We all want to live in a safe society. The idea of living in a world where we can be harmed or killed at any time scares us more than we usually think about, and we try to put measures in place to mitigate the risk of something happening to us. It is reasonable to be cautious about our own personal risk, but when do we cross the line from being cautious to delusional? Like many things, it is a blurry border.
Western society has for many years been predicated on the concept that individual sovereignty is the primary goal. Especially in America, we have been brought up to believe that we are the land of the free and the home of the brave. I grew up on that saying. We believed in it so strongly that our military has fought wars around the world trying to stop the spread of ideologies that oppress individual liberty.
Like many things, however, as time moves on the ideals get shifted to the point that it becomes corrupted. We have added more and more restrictions as our rulebooks continue to bloat into an unmanageable mess. Endless regulations and prohibitions are choking our freedoms out one at a time. What used to be a reasonably free nation has turned into a quasi-socialist state, and there is no end to the madness in sight.
The primary reason for this is our incessant need to try to control the uncontrollable. We put restrictions on our citizens in the name of public safety, and punish people before they ever really do anything wrong in the hope that doing so will prevent something bad from happening. We put speed limits on our roads to reduce the chances of accidents. You can’t start a business without a government issued license, because we’re afraid of bad actors so we want everyone to be supervised. In places like California, you can’t even make modifications to your own home without approval from the local authorities because people think you might do something that endangers yourself or others.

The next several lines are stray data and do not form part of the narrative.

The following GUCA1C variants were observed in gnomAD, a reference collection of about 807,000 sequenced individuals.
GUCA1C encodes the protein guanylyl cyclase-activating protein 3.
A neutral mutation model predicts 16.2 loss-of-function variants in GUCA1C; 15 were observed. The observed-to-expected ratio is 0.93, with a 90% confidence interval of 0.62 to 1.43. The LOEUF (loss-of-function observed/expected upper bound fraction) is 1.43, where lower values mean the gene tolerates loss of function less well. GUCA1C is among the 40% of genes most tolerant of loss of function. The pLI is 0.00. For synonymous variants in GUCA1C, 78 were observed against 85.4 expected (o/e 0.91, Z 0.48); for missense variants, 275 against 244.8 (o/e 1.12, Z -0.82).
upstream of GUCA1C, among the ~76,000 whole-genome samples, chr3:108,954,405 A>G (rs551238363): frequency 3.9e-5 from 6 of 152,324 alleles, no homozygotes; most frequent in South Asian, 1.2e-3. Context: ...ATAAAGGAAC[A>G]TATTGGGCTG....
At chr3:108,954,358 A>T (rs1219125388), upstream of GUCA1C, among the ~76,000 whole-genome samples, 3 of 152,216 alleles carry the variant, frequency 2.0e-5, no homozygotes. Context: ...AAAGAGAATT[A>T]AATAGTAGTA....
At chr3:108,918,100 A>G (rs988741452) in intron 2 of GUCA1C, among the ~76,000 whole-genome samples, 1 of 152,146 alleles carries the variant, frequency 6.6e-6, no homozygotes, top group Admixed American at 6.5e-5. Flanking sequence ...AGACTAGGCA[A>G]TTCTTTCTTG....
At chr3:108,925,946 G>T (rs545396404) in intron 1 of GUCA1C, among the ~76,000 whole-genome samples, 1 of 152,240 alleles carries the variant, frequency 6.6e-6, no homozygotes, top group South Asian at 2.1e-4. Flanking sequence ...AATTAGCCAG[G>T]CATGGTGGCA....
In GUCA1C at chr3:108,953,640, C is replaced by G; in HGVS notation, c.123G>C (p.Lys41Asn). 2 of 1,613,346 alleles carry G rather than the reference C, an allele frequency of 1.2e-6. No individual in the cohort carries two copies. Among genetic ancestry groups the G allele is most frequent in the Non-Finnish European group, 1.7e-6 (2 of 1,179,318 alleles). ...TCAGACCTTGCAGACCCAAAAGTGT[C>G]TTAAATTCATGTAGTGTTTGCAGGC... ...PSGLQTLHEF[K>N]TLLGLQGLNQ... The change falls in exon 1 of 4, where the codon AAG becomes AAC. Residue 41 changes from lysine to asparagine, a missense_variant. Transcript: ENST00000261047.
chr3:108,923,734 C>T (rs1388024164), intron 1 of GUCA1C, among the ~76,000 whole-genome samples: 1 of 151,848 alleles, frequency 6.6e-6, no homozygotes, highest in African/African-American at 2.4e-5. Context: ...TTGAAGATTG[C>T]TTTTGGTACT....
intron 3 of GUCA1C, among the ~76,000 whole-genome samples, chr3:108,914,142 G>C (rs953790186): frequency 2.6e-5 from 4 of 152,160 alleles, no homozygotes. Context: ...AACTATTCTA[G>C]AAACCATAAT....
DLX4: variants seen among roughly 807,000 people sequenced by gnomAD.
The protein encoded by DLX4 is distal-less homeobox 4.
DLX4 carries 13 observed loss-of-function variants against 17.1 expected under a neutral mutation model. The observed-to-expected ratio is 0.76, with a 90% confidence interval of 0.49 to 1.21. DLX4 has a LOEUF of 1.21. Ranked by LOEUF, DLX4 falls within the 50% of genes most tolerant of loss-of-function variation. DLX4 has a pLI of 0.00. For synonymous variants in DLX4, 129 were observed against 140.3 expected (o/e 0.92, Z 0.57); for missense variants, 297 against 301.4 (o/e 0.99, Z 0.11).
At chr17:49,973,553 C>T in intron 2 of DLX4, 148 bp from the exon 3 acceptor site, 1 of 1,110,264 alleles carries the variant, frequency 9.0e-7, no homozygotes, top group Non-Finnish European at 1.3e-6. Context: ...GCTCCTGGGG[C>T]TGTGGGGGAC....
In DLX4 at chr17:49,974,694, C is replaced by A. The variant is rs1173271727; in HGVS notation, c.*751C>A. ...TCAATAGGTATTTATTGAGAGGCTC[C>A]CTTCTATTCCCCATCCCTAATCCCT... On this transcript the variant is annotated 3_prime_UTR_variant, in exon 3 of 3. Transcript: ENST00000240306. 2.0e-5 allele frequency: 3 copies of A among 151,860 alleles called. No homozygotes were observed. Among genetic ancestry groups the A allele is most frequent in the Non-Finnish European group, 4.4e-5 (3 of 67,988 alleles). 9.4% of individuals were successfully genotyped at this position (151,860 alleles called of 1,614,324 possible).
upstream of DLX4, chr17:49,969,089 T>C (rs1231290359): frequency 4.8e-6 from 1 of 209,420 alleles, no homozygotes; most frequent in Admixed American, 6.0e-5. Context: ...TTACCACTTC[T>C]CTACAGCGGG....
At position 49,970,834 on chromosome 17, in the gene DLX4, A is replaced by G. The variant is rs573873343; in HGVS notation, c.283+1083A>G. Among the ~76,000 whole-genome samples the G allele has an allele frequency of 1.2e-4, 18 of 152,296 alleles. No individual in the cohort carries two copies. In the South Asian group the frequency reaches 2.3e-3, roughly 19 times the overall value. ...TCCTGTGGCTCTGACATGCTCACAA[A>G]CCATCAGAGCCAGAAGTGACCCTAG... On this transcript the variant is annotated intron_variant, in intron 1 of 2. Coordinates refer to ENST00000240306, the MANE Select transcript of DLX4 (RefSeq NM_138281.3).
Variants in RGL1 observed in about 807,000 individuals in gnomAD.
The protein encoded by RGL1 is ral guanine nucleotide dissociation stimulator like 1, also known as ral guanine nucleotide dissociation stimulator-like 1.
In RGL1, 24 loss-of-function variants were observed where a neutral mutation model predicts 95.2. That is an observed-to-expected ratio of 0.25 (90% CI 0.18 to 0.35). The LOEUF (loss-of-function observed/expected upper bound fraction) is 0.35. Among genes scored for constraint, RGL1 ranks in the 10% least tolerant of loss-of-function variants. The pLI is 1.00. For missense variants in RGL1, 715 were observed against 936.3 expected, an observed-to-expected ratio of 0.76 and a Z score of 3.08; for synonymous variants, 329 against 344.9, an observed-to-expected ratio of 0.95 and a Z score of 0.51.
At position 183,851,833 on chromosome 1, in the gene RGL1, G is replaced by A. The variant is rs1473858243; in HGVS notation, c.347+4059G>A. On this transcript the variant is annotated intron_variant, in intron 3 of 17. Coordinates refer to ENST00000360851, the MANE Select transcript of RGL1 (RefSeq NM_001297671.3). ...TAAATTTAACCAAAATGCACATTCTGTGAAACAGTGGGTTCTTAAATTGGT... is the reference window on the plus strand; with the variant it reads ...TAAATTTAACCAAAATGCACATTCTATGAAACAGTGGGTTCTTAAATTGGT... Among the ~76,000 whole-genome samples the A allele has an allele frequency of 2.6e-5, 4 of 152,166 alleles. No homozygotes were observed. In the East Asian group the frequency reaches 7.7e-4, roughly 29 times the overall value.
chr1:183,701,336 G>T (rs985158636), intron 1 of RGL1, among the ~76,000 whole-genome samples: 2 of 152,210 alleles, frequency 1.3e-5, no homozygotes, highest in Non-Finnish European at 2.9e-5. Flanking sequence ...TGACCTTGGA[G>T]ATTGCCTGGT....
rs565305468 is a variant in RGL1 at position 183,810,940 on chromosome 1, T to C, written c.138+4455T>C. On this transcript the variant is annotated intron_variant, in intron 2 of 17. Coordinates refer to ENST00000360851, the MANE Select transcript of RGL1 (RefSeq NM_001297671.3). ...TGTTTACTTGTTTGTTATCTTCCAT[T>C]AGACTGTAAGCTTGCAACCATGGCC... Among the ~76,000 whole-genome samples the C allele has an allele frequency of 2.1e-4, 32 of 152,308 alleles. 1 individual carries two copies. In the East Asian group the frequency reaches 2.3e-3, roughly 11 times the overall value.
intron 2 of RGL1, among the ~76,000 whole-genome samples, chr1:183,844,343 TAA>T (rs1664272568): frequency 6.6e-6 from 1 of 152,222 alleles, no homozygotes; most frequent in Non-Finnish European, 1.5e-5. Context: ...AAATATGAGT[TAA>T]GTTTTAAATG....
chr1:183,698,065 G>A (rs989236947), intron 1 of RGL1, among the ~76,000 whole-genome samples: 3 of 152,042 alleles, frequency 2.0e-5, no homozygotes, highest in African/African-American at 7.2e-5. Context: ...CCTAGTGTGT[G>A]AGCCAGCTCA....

I’ve written a couple of times now about the slippery slope, and our mentality about law is another prime example of this terrible effect. It used to be that we focused on putting in place penalties for crimes committed against people, but today we are trying to simply pile as many rules on top of us as we can in the hopes that it will stop bad people from doing bad things. We just won’t accept that fact that you can’t legislate good behavior, and the rules we pass only affect those who wouldn’t do the bad things we’re afraid of anyway.
That is the crux of the issue, in my personal opinion. We are so fixated on creating a safe environment that we convince ourselves that people are inherently good and we just need a good enough rulebook to prevent the random things that people do. We believe that crime is an accident that we can prevent with enough preparation. The truth is that people have both good and bad inside them, and no amount of iron fist legislation will ever change that. If someone wants to do harm, they will find a way.
The longer we go ignoring this basic fact, the worse things will get for the people who just want to go about their lives. Preventative laws are simply wrong, because we end up punishing people who have done nothing wrong. A crime is something that brings harm to someone, but these rules we put in place are about things that don’t harm anyone. Until a person reaches the point where they have actually hurt someone else, we should have no fear of the law. This is called the “non-aggression principle“.
If we extol logic as one of the premier features of we human beings, then we must stop making emotional decisions and start using reasonable starting points for the ways in which we regulate our society. We have more than three hundred million people in our country, and each is an individual with their own hopes and dreams. Putting any rules in place at all will infringe on those individual desires, but we accept that a certain level of restriction is required to maintain the peace. Knowing this, our goal should be to create as few rules as possible so we minimize the effects on individual people.
A good starting point would be to use the non-aggression principle as the primary node for deciding whether a law should be passed. We should always be asking ourselves: does this punish someone for actually causing direct harm, or are we just trying to prevent people from being bad? If the answer is the latter, the law should be discarded. If we value our freedom, then we should be skeptical of any law at all, but even more so about those laws intended to regulate our behavior through prevention.
What do you think about the law? Is it a useful tool or a dangerous, bloated mess? How much regulation can you accept in your life? What would it take for you to rebel against the system? As we move into the future, it is clear that things are only going to get worse. It seems like there is nothing we can do about it, but perhaps it might not be too late to take a hard look at the path we’re on and find a different way.
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